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REVIEW: PROGRESS IN MEDICINE
Year : 2013  |  Volume : 16  |  Issue : 3  |  Page : 307-309
 

A literature review of AD7c-ntp as a biomarker for Alzheimer's disease


Department of Neurology, The First Affiliated Hospital, Guangxi Medical University, Nanning, Guangxi, China

Date of Submission17-May-2013
Date of Decision07-Jul-2013
Date of Acceptance07-Jul-2013
Date of Web Publication26-Aug-2013

Correspondence Address:
Shengliang Shi
Department of Neurology, The First Affiliated Hospital, Guangxi Medical University, No. 22, Shuang Yong Road, 530021 Nanning, Guangxi
China
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Source of Support: None, Conflict of Interest: None


DOI: 10.4103/0972-2327.116902

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   Abstract 

The cornerstone of diagnosis of Alzheimer's disease (AD) is still the clinical criteria for probable and possible AD established by the NINCDS-ADRDA Work Group in 1984, which had survived for over 27 years. However, with the increase in people's knowledge of clinical manifestations and biology of AD, this standard is gradually proving to be insufficient; the early diagnosis of AD is thus particularly important. Therefore, in 2011, the National Institute on Aging and the Alzheimer's Association revised the criteria and integrated biomarker evidence into it. Biomarker evidence is expected to enhance the pathophysiological specificity of the diagnosis of AD. According to Consensus Report of the Working Group on Molecular and Biochemical Markers of Alzheimer's Disease, a qualified biomarker for AD should have the following abilities: It should detect a fundamental feature of neuropathology and be validated in neuropathologically confirmed cases, reliably with an sensitivity >80% for detecting AD and a specificity >80% for distinguishing other dementias; be reproducible and non-invasive; and be simple to perform and inexpensive. Alzheimer-associated neuronal thread protein (AD7c-NTP) is a member of "neuronal thread proteins" (NTPs); it can be detected in increased concentration in cortical neurons, brain-tissue extracts, cerebrospinal fluid, and urine in the early course of AD neurodegeneration, and it level is proportional to the degree of dementia, which makes it a promising biomarker for AD. In this review, we have evaluated the feasibility of developing AD7c-NTP as a biomarker for AD.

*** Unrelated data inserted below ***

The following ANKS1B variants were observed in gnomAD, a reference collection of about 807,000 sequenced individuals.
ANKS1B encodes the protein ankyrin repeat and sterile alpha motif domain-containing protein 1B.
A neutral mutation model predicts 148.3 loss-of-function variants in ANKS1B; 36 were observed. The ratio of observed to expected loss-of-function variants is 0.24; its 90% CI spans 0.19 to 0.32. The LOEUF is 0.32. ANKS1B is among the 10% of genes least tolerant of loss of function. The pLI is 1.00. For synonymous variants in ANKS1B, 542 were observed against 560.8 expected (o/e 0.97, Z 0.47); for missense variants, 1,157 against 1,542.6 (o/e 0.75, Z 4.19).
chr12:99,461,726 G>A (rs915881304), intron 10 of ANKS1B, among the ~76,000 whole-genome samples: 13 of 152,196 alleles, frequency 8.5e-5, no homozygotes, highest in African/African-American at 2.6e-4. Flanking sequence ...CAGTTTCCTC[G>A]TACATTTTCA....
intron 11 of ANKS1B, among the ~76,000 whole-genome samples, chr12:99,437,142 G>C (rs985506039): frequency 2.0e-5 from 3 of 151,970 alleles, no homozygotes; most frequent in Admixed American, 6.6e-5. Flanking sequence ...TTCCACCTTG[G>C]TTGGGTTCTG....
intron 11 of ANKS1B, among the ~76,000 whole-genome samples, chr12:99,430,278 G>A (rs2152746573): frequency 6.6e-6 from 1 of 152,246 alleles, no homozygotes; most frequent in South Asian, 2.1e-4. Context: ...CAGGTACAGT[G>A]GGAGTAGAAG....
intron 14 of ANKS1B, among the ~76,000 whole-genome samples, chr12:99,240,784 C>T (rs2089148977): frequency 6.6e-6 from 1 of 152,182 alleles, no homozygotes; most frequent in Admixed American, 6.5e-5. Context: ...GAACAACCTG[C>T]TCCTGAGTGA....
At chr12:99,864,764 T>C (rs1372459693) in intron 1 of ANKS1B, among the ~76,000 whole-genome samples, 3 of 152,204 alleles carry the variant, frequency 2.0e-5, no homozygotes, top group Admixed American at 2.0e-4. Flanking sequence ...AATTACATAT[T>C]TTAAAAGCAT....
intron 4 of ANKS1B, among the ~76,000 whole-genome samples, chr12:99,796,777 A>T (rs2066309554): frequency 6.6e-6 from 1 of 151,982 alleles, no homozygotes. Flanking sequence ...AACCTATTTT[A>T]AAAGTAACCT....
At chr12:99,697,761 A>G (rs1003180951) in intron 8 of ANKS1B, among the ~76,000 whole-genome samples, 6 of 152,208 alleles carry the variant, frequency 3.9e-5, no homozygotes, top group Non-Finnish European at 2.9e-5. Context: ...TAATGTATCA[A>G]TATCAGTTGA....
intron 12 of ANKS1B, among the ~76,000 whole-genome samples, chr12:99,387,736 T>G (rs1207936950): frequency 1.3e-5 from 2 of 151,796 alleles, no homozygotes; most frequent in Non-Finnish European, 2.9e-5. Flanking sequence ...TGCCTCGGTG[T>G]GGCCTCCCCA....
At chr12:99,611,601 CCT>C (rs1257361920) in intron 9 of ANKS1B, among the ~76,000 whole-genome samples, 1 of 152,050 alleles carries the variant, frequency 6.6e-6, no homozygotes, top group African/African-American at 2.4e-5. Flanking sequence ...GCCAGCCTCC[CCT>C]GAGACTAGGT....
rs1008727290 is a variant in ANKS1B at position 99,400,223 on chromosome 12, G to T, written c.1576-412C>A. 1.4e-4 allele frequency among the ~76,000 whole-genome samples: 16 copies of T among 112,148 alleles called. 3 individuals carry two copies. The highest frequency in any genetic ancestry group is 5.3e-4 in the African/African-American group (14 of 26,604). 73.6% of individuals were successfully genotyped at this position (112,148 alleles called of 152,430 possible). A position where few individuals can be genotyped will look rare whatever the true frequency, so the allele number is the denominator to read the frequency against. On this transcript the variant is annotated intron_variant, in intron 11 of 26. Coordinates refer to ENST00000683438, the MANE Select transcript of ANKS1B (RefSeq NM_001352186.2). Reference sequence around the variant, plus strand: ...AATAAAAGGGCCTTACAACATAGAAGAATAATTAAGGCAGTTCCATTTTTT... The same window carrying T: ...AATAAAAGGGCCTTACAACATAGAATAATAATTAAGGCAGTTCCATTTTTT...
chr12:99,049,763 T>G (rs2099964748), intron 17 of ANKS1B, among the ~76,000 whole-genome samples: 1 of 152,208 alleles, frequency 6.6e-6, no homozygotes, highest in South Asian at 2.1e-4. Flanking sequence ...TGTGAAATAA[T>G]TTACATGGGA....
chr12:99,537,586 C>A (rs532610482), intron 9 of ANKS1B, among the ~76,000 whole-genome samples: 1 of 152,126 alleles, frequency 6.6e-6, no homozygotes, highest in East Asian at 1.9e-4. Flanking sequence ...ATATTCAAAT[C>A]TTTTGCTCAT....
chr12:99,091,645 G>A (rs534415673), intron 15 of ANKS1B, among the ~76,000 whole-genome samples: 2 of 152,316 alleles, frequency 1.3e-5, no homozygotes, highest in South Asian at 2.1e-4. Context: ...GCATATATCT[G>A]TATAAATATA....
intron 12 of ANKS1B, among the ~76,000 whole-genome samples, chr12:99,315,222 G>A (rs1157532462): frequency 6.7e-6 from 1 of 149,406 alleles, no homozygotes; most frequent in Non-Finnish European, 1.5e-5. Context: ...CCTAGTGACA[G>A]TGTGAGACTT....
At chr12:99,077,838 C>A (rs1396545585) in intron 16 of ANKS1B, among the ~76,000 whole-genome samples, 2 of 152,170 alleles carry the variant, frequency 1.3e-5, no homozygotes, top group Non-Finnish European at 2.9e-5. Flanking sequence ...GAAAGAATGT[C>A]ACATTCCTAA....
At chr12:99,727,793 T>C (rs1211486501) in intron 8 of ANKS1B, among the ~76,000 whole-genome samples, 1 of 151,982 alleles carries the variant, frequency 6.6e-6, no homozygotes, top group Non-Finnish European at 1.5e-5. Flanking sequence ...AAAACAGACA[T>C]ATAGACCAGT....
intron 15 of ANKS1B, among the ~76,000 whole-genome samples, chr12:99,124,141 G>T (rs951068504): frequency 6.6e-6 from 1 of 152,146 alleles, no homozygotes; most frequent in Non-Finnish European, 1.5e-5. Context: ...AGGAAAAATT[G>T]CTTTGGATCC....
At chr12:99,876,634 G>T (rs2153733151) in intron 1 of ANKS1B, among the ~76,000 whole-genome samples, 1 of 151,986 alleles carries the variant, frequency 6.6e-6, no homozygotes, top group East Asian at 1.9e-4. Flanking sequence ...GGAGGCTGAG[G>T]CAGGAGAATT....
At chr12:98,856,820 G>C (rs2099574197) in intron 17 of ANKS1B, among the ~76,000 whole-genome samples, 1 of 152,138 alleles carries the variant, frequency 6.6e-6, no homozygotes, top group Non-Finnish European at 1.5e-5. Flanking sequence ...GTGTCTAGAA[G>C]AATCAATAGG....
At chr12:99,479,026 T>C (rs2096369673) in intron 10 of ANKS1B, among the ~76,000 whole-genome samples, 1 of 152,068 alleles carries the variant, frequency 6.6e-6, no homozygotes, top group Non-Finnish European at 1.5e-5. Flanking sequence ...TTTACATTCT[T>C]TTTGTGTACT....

Keywords: AD7c-NTP, Alzheimer′s disease, biomarker, brain tissue extracts, cortical neurons, CSF, urine


How to cite this article:
Zhang J, Shi S. A literature review of AD7c-ntp as a biomarker for Alzheimer's disease. Ann Indian Acad Neurol 2013;16:307-9

How to cite this URL:
Zhang J, Shi S. A literature review of AD7c-ntp as a biomarker for Alzheimer's disease. Ann Indian Acad Neurol [serial online] 2013 [cited 2019 Jun 24];16:307-9. Available from: http://www.annalsofian.org/text.asp?2013/16/3/307/116902



   Introduction Top


Alzheimer's disease (AD) is a progressive neurodegenerative disorder that is characterized by cognitive and memory deterioration, progressive impairment of activities of daily living, and a variety of neuropsychiatric symptoms and behavioral disturbances. [1] By 2005, 24.2 million people worldwide had dementia, [2] in 2010, the number became 36.0 million, and it will continue to increase to 66 million by 2030 and 115 million by 2050; [3] approximately 70% of these cases were due to AD. [2] It is estimated that AD has a median prevalence of 4.8% and an annual incidence of 1275 per 100,000 in populations of individuals aged ≥ 60 years worldwide. [4] Women have a higher risk than men with a median men: women rate ratio of 0.54. [4] The social costs associated with AD are high; it is estimated that the global costs in 2010 was $604 billion, [3] with $172 billion in the USA alone. [5] In the new diagnostic guidelines for AD, AD was divided into three phases: The dementia phase (AD dementia due to AD); the symptomatic, pre-dementia phase (MCI due to AD); and the asymptomatic, preclinical phase of AD. [6] The first two phases are intended to guide diagnosis in the clinical setting, and the preclinical phase is intended purely for research purposes. However, there are still no effective treatments to prevent, halt, or reverse AD, the only therapies available for AD were to postpone or alleviate the condition. [7] Therefore, the early diagnosis of AD is very important.


   Ntp Top